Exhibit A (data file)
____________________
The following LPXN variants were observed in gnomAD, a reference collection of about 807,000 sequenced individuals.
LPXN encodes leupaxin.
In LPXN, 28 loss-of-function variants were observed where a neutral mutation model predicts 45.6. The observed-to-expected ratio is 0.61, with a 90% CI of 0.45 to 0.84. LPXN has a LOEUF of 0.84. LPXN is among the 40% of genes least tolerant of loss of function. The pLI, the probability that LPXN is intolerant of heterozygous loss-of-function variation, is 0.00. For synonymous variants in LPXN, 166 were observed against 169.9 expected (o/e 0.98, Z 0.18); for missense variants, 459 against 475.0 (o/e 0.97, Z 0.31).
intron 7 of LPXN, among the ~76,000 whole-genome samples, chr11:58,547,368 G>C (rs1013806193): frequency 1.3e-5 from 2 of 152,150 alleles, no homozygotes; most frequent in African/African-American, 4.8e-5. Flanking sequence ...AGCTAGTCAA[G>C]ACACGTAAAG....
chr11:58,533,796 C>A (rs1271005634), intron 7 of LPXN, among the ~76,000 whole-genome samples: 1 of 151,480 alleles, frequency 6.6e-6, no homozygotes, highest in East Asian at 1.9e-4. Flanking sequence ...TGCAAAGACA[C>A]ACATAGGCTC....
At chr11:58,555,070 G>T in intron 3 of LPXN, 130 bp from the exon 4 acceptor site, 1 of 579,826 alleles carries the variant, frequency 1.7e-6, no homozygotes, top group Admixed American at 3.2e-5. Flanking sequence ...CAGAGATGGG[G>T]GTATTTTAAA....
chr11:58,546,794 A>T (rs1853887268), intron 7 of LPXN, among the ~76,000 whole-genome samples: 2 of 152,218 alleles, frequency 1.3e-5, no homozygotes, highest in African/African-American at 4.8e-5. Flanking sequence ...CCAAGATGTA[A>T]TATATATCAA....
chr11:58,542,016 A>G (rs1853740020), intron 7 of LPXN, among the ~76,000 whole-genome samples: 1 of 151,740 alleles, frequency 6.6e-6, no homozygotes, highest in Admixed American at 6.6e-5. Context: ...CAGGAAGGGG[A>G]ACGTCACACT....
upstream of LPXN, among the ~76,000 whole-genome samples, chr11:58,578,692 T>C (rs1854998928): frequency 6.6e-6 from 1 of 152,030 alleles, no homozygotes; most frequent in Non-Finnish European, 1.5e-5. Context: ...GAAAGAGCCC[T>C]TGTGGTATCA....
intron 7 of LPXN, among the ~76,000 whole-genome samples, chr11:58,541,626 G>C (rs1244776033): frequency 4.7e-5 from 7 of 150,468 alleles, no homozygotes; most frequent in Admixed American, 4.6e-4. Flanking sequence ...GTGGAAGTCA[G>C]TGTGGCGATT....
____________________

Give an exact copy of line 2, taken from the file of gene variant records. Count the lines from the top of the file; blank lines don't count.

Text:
LPXN encodes leupaxin.